[Editor’s note: This piece was published in September, 2016. Given its relevance today, it is currently being pinned on the front page of Hockey in Society.]
Co-written by Courtney Szto & Mark Norman.
Has any individual ever created as much of a stir for sitting as Colin Kaepernick? Rosa Parks certainly sat in defiance but the two protests are far from equivalent, and Kaepernick would probably agree. Kaepernick is a famous man with financial stability and visibility. He also has a large base of “fan” support via the Internet; therefore, it is relatively safe for him to demonstrate a little civil disobedience. When US Women’s soccer player Megan Rapinoe took a knee in support of Kaepernick as an LGBTQ minority that was a significant show of solidarity across identities. When other NFL players used the opening weekend to raise a fist, take a knee, and “stand united” it made us wonder if any NHL players will join this wave of athlete activism when the regular season starts in October.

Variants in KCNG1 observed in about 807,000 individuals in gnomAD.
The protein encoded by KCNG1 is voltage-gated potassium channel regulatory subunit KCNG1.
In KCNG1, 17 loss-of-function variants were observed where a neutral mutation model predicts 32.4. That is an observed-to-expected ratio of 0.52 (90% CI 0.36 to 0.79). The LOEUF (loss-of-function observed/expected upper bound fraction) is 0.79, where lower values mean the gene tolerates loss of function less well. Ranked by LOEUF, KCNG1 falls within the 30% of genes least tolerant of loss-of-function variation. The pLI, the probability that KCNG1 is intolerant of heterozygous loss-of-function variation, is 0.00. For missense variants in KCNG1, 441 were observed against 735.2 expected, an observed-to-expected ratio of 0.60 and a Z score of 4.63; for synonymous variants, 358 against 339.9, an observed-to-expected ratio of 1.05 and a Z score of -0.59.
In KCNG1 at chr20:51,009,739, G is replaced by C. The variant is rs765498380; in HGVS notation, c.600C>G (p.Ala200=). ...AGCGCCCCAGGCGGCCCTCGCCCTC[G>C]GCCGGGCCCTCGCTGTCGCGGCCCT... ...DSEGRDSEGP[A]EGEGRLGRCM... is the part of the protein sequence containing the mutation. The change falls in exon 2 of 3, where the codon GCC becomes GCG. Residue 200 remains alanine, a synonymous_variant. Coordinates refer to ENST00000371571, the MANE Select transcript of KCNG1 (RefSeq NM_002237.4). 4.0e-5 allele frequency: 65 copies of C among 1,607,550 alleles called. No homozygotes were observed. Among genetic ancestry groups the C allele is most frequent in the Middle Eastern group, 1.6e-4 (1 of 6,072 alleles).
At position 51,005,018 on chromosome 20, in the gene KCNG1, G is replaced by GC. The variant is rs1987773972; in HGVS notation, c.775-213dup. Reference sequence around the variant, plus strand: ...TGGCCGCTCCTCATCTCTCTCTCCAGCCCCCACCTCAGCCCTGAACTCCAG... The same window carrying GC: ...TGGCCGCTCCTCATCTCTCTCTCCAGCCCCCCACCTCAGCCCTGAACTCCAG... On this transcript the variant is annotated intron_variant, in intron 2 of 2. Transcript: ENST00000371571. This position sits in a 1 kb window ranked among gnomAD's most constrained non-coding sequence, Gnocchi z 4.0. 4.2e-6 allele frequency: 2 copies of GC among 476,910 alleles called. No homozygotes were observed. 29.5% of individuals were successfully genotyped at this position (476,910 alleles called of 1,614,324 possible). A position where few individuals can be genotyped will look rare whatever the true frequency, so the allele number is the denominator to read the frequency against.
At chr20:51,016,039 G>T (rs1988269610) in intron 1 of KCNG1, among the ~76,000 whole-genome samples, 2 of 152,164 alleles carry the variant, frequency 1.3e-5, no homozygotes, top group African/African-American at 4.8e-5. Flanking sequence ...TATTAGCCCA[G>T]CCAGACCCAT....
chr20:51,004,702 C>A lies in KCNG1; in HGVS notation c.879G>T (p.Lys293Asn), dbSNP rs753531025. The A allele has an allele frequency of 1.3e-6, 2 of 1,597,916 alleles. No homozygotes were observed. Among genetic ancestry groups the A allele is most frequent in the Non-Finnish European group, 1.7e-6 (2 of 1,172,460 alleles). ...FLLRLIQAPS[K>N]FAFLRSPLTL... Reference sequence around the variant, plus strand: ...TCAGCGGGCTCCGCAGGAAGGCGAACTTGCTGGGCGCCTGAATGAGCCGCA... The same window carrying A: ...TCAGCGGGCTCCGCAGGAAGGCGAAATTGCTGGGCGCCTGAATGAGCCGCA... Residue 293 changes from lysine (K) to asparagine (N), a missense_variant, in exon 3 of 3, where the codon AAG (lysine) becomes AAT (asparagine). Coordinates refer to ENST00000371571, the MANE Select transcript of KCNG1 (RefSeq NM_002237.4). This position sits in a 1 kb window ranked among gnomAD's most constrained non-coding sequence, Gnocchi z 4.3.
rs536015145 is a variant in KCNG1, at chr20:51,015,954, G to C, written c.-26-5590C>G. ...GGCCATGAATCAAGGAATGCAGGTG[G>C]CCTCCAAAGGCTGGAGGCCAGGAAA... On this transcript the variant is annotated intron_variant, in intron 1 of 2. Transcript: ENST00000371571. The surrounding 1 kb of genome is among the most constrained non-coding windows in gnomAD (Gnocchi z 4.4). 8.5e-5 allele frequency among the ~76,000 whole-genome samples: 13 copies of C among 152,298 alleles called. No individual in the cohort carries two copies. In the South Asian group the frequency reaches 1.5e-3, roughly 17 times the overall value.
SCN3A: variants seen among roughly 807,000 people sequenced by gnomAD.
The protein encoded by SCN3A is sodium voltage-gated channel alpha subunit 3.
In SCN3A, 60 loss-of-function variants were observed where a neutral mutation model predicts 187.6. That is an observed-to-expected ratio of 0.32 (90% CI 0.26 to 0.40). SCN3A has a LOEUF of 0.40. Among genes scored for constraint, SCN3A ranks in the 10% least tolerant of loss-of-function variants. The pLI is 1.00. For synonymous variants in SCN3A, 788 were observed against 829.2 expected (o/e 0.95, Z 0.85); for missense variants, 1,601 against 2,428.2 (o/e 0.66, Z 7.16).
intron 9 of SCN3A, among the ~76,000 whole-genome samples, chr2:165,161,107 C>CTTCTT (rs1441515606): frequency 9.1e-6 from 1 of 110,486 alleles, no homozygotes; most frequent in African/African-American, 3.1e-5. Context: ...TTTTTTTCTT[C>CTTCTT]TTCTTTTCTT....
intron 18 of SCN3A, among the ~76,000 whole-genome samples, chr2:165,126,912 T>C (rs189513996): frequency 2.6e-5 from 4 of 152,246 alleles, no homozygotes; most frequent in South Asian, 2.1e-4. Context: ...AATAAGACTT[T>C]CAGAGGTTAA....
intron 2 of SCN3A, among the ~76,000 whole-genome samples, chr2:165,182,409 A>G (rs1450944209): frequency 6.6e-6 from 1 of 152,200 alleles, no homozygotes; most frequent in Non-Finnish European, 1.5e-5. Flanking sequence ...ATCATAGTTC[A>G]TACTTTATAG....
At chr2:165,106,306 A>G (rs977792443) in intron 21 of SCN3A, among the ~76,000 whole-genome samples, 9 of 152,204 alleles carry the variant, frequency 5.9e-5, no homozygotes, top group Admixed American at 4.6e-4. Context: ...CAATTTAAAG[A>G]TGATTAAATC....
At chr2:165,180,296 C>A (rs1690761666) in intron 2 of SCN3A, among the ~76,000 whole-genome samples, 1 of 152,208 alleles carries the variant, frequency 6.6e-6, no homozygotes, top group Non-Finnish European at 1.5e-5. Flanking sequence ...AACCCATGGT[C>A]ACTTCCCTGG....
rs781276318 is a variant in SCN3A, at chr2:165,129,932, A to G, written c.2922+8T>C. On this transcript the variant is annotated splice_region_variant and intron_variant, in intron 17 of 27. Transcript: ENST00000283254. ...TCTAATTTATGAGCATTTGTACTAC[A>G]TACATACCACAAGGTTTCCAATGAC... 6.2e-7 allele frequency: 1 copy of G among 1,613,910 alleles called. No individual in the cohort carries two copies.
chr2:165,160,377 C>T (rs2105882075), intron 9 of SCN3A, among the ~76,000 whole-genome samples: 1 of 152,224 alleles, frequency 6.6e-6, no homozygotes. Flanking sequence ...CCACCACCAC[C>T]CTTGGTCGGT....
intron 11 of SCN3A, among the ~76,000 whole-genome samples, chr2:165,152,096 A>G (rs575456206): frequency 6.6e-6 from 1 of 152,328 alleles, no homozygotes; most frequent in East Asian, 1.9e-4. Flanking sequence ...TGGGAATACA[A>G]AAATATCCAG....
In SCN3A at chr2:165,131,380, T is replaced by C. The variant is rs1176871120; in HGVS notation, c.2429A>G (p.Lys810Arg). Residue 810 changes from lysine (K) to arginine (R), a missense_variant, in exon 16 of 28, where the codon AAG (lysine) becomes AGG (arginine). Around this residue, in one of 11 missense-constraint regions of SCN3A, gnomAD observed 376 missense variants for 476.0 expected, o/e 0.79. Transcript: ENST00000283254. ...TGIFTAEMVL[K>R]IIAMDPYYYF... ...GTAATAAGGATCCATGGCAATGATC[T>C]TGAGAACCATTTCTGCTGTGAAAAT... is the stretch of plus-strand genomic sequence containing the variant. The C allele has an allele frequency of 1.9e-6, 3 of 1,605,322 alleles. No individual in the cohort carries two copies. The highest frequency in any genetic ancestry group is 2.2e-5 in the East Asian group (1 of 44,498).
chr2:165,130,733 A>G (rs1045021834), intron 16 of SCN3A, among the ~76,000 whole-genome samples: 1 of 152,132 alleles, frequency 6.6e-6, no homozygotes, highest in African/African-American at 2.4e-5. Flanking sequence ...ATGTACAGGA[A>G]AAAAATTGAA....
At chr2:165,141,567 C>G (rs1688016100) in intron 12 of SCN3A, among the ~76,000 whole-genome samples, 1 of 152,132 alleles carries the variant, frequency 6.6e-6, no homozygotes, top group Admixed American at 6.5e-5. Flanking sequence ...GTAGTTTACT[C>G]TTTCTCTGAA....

Last week, during exhibition games for the World Cup of Hockey, John Tortorella made it very clear that he would not be buying a Kaepernick jersey any time soon when he stated that if any of his “players sit on the bench for the national anthem, they will sit there the rest of the game.” Brian Burke made a similar statement explaining that, while he supports a player’s right to “express opinions, vote, attend political rallies and make political contributions” he does not “believe that the field of competition is a place to make political statements.” This a surprising stance given that Burke and his family are integral to the You Can Play project – a political statement for LGTBQ inclusion and equality. So what would Burke’s response be if one of his player’s decided to use Pride Tape on his stick during a game? Earlier this year, the Edmonton Oilers used Pride Tape on their sticks during their annual skills competition – that was a political statement. It did not take place on the “field of competition” but if one of those players had decided to keep the tape on for the next game or two would that have been an unacceptable statement to make? Is this a case of “you can make statements when we tell you to make statements”? Or is this “we only make statements as a team”?